This is a really simple, pure expression of pork. I ordered some front and rear quarters and shoulders from pastured free roaming pigs raised at Slankers in Texas, and today prepared the rear quarter for some friends. Read the description of their pork on the site – apparently wild pigs from the area will sometimes just join up with their free roaming herds. Nice.
Anyway, the idea was simple. How does one showcase such a treasure without obfuscating the core experience? My approach was to cook is slowly and delicately with only the simplest of accoutrements.
I rubbed it the night before with equal parts salt, pepper, and brown sugar. In the morning I shook it off and wrapped it in aluminum foil, then stuck it in the Green Egg at 275 for 4 hours. I had just a couple chunks of mesquite in with the charcoal – I didn’t want the smoke to take over.
After 4 hours, I poured about 1/2c of olive oil mixed with 4 cloves of minced garlic, juice of 1 lemon, and a dash of salt over the roast and re-closed the aluminum foil and continued cooking.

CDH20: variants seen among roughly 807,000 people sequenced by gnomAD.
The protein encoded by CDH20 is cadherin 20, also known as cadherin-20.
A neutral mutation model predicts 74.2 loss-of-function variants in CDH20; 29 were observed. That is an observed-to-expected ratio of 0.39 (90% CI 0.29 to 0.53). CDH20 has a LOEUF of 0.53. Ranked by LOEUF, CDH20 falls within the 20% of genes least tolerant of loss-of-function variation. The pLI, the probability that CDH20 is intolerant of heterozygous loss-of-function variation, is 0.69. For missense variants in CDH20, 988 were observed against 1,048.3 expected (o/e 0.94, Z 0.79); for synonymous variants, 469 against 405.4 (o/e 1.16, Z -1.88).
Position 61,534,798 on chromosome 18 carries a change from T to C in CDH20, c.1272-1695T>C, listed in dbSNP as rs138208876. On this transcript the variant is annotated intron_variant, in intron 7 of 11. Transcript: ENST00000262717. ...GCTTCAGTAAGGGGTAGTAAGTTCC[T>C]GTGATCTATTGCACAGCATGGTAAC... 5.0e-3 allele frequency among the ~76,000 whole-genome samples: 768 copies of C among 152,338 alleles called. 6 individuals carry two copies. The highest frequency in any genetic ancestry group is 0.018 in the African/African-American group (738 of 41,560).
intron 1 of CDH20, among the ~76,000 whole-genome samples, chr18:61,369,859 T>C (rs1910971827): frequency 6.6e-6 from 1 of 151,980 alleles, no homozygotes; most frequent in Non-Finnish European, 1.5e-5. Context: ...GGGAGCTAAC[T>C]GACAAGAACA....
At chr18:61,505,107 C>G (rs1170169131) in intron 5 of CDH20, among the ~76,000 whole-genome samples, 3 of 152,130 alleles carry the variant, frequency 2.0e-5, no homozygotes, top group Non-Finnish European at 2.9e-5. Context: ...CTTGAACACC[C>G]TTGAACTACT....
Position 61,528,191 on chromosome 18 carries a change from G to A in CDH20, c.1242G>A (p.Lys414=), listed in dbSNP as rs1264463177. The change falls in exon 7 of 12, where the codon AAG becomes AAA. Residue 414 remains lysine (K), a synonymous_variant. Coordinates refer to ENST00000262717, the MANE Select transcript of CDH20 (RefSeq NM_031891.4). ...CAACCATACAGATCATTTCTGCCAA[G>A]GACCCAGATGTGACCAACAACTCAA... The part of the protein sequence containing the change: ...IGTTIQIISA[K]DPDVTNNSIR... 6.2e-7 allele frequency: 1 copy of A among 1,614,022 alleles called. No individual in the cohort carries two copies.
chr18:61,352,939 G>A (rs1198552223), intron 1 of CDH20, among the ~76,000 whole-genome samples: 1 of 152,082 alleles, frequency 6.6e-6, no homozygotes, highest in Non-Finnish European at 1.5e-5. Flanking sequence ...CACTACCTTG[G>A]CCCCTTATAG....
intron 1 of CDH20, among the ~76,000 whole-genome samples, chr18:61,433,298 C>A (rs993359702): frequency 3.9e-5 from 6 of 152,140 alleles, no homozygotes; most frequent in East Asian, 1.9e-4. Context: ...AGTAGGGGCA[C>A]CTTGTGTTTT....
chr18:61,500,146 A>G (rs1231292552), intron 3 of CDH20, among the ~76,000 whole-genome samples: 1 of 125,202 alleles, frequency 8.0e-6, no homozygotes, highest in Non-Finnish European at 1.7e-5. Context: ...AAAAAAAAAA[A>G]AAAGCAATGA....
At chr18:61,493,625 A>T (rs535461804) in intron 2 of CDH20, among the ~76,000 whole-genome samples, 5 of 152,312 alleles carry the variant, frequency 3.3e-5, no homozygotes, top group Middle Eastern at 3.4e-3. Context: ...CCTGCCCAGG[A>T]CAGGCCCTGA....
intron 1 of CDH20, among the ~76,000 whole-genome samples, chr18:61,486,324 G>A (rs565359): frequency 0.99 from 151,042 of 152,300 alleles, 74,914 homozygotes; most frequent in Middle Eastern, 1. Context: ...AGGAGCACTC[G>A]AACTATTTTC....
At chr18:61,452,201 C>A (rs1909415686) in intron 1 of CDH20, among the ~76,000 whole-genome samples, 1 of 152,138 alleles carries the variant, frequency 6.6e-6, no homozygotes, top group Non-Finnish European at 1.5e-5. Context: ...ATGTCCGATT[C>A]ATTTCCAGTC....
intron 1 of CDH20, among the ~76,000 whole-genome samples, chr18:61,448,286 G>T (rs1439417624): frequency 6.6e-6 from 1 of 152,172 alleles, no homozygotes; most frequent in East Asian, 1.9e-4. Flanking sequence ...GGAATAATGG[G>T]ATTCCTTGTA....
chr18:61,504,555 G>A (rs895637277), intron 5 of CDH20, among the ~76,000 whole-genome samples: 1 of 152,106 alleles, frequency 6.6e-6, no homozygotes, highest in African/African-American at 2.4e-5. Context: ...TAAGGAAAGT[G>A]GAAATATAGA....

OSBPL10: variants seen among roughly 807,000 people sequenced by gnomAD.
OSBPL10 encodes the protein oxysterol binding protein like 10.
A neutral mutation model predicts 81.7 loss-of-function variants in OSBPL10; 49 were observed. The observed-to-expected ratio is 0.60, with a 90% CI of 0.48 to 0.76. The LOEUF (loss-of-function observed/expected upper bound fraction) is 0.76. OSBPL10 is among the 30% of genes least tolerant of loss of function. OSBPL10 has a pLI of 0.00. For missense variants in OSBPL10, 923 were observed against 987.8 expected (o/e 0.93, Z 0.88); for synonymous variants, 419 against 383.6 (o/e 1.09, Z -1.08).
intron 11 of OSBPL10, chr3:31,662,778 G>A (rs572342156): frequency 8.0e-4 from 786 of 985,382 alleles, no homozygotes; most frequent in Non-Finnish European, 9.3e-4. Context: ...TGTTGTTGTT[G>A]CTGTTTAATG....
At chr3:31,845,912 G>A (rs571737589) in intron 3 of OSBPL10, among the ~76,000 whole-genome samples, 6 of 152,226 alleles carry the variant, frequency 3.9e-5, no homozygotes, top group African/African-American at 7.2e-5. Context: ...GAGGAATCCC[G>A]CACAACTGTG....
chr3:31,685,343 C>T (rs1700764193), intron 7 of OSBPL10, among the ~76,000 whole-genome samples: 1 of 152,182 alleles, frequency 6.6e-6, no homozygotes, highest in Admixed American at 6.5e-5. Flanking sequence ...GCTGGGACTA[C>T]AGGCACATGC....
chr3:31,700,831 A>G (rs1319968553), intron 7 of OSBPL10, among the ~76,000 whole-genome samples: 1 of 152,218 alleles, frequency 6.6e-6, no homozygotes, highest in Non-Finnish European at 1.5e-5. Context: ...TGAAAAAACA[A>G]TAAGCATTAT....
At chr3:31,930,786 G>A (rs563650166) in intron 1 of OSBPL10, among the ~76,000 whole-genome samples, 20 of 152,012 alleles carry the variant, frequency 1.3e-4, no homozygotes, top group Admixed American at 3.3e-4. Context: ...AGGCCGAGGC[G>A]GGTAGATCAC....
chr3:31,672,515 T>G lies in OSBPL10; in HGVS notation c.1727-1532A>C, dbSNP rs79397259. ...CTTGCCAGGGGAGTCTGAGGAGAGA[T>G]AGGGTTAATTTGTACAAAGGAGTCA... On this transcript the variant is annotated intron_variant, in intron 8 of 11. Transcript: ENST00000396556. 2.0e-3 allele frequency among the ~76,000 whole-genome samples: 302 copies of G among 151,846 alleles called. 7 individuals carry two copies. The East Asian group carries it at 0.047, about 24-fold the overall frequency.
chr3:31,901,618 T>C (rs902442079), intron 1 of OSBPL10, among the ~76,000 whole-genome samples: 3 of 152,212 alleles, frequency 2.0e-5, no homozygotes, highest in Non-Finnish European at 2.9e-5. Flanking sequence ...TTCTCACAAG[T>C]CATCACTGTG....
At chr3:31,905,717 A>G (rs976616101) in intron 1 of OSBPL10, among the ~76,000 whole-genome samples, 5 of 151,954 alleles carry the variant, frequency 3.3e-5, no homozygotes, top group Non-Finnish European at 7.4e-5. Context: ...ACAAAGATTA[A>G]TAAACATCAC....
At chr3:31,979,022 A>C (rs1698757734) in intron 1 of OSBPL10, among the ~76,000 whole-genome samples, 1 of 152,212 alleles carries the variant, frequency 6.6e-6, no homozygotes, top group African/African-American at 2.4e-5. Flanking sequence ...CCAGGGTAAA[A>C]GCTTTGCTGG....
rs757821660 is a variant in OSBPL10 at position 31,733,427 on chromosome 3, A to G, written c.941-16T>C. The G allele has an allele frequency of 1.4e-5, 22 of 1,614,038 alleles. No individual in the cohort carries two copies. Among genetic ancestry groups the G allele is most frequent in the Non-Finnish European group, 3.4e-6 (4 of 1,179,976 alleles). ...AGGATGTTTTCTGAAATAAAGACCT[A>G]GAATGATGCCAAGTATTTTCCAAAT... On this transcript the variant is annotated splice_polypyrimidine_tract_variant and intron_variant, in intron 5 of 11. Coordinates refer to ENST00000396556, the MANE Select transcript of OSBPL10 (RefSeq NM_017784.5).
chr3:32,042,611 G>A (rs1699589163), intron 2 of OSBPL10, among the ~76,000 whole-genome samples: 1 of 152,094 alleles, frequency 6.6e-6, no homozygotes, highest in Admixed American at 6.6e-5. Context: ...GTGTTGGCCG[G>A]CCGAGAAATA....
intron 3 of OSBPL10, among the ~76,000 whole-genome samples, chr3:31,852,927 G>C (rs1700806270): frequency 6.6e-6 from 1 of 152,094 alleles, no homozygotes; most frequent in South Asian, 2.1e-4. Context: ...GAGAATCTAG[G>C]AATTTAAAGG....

An hour later, we have what you see above. The meat is falling off the bone tender and the lemon and garlic still have some of their brightness left, but have mellowed over the course of that hour to compliment the meat nicely. Wild pigs taste noticeably different than their commercially raised peers. It’s actually more like red meat – heartier and a bigger mouth-feel, coupled with a bit less, but more flavorful fat.
The guests arrive in a couple hours, and I can’t wait to get their take on it – especially in combination with the sous vide shoulder that I’m also serving. More on that later.